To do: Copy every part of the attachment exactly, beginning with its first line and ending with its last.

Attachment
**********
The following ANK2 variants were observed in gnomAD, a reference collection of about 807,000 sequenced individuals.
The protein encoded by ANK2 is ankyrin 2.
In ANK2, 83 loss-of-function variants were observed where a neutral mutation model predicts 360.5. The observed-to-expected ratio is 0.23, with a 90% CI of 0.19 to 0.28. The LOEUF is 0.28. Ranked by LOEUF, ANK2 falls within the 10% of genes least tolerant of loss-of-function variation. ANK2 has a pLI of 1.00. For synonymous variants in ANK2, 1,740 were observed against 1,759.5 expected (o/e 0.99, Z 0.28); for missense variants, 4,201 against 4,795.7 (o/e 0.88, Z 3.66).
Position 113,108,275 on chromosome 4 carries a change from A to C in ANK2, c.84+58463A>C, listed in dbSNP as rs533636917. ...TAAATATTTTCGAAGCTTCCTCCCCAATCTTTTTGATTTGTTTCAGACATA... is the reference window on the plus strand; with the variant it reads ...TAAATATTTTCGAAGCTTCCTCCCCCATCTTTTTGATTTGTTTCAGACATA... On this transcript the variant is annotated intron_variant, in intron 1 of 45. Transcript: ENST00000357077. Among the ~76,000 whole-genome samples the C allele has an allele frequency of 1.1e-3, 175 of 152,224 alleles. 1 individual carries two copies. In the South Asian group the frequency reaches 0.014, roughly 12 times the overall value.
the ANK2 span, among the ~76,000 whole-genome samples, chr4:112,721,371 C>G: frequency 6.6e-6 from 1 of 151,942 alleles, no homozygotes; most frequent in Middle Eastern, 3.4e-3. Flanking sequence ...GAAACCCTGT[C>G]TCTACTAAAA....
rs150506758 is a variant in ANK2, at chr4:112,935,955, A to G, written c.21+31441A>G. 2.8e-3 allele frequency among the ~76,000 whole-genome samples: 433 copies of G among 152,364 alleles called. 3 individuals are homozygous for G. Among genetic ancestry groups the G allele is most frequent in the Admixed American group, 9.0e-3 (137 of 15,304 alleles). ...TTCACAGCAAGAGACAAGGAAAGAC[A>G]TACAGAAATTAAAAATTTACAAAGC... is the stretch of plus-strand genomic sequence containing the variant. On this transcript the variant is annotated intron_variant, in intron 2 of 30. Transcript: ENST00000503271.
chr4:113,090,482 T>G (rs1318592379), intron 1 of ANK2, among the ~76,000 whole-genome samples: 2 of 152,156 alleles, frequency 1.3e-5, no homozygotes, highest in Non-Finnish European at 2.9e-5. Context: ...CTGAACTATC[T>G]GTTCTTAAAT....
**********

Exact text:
The following ANK2 variants were observed in gnomAD, a reference collection of about 807,000 sequenced individuals.
The protein encoded by ANK2 is ankyrin 2.
In ANK2, 83 loss-of-function variants were observed where a neutral mutation model predicts 360.5. The observed-to-expected ratio is 0.23, with a 90% CI of 0.19 to 0.28. The LOEUF is 0.28. Ranked by LOEUF, ANK2 falls within the 10% of genes least tolerant of loss-of-function variation. ANK2 has a pLI of 1.00. For synonymous variants in ANK2, 1,740 were observed against 1,759.5 expected (o/e 0.99, Z 0.28); for missense variants, 4,201 against 4,795.7 (o/e 0.88, Z 3.66).
Position 113,108,275 on chromosome 4 carries a change from A to C in ANK2, c.84+58463A>C, listed in dbSNP as rs533636917. ...TAAATATTTTCGAAGCTTCCTCCCCAATCTTTTTGATTTGTTTCAGACATA... is the reference window on the plus strand; with the variant it reads ...TAAATATTTTCGAAGCTTCCTCCCCCATCTTTTTGATTTGTTTCAGACATA... On this transcript the variant is annotated intron_variant, in intron 1 of 45. Transcript: ENST00000357077. Among the ~76,000 whole-genome samples the C allele has an allele frequency of 1.1e-3, 175 of 152,224 alleles. 1 individual carries two copies. In the South Asian group the frequency reaches 0.014, roughly 12 times the overall value.
the ANK2 span, among the ~76,000 whole-genome samples, chr4:112,721,371 C>G: frequency 6.6e-6 from 1 of 151,942 alleles, no homozygotes; most frequent in Middle Eastern, 3.4e-3. Flanking sequence ...GAAACCCTGT[C>G]TCTACTAAAA....
rs150506758 is a variant in ANK2, at chr4:112,935,955, A to G, written c.21+31441A>G. 2.8e-3 allele frequency among the ~76,000 whole-genome samples: 433 copies of G among 152,364 alleles called. 3 individuals are homozygous for G. Among genetic ancestry groups the G allele is most frequent in the Admixed American group, 9.0e-3 (137 of 15,304 alleles). ...TTCACAGCAAGAGACAAGGAAAGAC[A>G]TACAGAAATTAAAAATTTACAAAGC... is the stretch of plus-strand genomic sequence containing the variant. On this transcript the variant is annotated intron_variant, in intron 2 of 30. Transcript: ENST00000503271.
chr4:113,090,482 T>G (rs1318592379), intron 1 of ANK2, among the ~76,000 whole-genome samples: 2 of 152,156 alleles, frequency 1.3e-5, no homozygotes, highest in Non-Finnish European at 2.9e-5. Context: ...CTGAACTATC[T>G]GTTCTTAAAT....